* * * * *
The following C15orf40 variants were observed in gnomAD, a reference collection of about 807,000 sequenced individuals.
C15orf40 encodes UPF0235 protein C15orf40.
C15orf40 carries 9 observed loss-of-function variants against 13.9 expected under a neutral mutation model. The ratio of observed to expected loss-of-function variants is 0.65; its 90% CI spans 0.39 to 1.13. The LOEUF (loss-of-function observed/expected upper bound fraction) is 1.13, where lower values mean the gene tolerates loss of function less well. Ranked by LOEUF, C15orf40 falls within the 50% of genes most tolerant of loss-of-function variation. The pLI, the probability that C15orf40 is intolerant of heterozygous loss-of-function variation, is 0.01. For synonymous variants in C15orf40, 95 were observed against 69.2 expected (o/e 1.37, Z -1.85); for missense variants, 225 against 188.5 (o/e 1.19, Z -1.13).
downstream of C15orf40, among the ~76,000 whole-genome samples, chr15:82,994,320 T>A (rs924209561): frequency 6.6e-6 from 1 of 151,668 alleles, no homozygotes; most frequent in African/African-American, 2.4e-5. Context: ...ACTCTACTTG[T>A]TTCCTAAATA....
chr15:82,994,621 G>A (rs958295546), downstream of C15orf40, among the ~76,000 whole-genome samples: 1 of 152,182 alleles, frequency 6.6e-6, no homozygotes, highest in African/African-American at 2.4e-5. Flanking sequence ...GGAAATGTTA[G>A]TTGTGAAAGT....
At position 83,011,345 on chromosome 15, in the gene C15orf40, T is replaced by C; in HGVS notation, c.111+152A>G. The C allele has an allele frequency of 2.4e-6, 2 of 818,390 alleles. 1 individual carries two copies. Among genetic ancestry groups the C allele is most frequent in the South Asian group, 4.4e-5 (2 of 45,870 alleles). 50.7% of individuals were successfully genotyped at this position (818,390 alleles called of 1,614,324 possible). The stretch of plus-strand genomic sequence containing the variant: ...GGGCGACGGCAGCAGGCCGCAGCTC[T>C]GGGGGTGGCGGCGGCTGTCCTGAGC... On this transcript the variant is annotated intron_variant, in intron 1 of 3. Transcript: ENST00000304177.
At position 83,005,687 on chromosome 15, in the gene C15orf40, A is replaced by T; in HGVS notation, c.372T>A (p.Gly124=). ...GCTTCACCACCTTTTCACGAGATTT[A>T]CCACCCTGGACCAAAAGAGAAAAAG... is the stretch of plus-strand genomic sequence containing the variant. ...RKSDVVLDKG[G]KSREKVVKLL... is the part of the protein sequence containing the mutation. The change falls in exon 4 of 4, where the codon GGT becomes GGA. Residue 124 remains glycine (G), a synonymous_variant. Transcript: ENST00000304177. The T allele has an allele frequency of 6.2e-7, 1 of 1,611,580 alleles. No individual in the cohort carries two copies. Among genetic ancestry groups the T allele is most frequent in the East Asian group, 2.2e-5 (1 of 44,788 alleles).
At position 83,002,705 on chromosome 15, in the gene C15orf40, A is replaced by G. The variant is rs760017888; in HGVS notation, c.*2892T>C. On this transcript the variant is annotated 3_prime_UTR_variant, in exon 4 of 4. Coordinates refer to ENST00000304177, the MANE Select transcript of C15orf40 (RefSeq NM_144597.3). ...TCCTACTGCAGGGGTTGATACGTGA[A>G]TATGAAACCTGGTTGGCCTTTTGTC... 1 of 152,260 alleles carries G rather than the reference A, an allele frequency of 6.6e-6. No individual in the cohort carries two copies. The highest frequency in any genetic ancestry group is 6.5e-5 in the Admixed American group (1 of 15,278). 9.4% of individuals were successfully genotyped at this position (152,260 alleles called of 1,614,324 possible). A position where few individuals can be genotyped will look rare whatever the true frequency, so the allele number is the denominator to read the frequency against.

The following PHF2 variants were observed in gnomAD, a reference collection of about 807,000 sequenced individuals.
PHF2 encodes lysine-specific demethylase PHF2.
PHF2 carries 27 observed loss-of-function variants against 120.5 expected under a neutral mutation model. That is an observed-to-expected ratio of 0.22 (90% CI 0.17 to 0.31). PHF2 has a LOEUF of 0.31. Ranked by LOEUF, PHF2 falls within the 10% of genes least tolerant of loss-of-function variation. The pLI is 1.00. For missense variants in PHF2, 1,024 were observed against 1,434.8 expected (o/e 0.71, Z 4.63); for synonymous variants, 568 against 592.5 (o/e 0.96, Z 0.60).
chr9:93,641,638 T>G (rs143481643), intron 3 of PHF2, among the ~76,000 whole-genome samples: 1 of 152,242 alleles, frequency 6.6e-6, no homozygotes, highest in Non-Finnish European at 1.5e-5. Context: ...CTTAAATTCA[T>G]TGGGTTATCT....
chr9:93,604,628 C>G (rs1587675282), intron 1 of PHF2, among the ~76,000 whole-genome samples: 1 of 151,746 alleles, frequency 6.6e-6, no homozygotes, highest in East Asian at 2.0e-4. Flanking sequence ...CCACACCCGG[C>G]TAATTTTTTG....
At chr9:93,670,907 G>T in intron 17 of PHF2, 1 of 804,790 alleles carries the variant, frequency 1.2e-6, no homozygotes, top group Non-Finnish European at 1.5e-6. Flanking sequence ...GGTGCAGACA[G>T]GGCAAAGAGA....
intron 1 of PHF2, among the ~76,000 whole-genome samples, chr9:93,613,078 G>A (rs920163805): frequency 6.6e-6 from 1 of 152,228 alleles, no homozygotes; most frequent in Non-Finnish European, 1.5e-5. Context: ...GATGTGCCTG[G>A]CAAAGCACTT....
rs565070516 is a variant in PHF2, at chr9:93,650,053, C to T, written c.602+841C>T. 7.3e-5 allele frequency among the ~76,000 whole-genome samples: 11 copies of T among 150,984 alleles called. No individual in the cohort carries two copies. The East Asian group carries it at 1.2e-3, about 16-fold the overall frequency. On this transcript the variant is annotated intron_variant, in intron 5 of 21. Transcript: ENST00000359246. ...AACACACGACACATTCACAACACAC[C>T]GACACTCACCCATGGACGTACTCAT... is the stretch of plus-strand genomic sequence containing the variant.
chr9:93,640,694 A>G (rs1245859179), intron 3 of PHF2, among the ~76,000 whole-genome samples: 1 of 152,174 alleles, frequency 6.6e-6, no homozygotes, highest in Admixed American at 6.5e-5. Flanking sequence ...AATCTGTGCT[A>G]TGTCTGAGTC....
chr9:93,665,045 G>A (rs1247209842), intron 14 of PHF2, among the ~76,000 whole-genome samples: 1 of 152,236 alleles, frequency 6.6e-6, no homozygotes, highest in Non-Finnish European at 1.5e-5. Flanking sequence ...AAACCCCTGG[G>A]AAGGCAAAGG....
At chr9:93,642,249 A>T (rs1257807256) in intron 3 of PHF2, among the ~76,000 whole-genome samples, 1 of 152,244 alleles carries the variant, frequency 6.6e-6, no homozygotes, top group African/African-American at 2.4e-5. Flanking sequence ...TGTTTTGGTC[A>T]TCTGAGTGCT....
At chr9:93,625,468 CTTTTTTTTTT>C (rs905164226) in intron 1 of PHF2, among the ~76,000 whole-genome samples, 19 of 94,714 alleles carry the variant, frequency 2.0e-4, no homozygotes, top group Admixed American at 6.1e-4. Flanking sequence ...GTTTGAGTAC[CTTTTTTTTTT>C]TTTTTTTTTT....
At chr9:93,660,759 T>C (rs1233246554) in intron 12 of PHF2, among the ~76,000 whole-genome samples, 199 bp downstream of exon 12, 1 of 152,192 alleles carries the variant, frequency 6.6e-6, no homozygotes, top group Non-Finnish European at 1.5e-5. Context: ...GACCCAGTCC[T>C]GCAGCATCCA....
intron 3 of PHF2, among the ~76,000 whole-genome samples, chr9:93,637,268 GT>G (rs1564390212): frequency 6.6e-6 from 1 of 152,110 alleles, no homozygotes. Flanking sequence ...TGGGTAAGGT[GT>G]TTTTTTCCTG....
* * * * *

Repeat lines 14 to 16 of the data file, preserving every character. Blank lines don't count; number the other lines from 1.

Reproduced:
At chr9:93,670,907 G>T in intron 17 of PHF2, 1 of 804,790 alleles carries the variant, frequency 1.2e-6, no homozygotes, top group Non-Finnish European at 1.5e-6. Flanking sequence ...GGTGCAGACA[G>T]GGCAAAGAGA....
intron 1 of PHF2, among the ~76,000 whole-genome samples, chr9:93,613,078 G>A (rs920163805): frequency 6.6e-6 from 1 of 152,228 alleles, no homozygotes; most frequent in Non-Finnish European, 1.5e-5. Context: ...GATGTGCCTG[G>A]CAAAGCACTT....
rs565070516 is a variant in PHF2, at chr9:93,650,053, C to T, written c.602+841C>T. 7.3e-5 allele frequency among the ~76,000 whole-genome samples: 11 copies of T among 150,984 alleles called. No individual in the cohort carries two copies. The East Asian group carries it at 1.2e-3, about 16-fold the overall frequency. On this transcript the variant is annotated intron_variant, in intron 5 of 21. Transcript: ENST00000359246. ...AACACACGACACATTCACAACACAC[C>T]GACACTCACCCATGGACGTACTCAT... is the stretch of plus-strand genomic sequence containing the variant.